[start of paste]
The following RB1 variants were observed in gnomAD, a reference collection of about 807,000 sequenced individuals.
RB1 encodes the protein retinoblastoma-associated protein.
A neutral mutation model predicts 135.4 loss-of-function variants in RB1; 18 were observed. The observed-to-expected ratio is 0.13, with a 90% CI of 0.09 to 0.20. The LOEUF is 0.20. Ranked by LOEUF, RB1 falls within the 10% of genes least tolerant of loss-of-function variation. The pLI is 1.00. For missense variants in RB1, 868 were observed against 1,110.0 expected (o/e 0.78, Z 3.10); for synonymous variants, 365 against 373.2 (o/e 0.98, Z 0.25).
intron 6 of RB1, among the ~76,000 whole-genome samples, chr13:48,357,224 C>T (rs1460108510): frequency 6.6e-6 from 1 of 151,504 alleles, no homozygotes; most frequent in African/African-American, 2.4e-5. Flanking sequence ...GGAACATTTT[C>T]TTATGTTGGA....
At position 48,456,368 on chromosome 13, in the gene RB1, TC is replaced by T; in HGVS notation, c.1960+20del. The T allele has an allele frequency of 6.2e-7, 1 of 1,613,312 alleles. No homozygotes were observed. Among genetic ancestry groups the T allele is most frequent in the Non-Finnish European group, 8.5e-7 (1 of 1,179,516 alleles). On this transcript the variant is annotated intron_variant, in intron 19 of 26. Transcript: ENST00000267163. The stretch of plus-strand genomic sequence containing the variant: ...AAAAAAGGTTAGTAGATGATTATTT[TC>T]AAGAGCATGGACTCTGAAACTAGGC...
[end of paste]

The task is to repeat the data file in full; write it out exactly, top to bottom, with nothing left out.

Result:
The following RB1 variants were observed in gnomAD, a reference collection of about 807,000 sequenced individuals.
RB1 encodes the protein retinoblastoma-associated protein.
A neutral mutation model predicts 135.4 loss-of-function variants in RB1; 18 were observed. The observed-to-expected ratio is 0.13, with a 90% CI of 0.09 to 0.20. The LOEUF is 0.20. Ranked by LOEUF, RB1 falls within the 10% of genes least tolerant of loss-of-function variation. The pLI is 1.00. For missense variants in RB1, 868 were observed against 1,110.0 expected (o/e 0.78, Z 3.10); for synonymous variants, 365 against 373.2 (o/e 0.98, Z 0.25).
intron 6 of RB1, among the ~76,000 whole-genome samples, chr13:48,357,224 C>T (rs1460108510): frequency 6.6e-6 from 1 of 151,504 alleles, no homozygotes; most frequent in African/African-American, 2.4e-5. Flanking sequence ...GGAACATTTT[C>T]TTATGTTGGA....
At position 48,456,368 on chromosome 13, in the gene RB1, TC is replaced by T; in HGVS notation, c.1960+20del. The T allele has an allele frequency of 6.2e-7, 1 of 1,613,312 alleles. No homozygotes were observed. Among genetic ancestry groups the T allele is most frequent in the Non-Finnish European group, 8.5e-7 (1 of 1,179,516 alleles). On this transcript the variant is annotated intron_variant, in intron 19 of 26. Transcript: ENST00000267163. The stretch of plus-strand genomic sequence containing the variant: ...AAAAAAGGTTAGTAGATGATTATTT[TC>T]AAGAGCATGGACTCTGAAACTAGGC...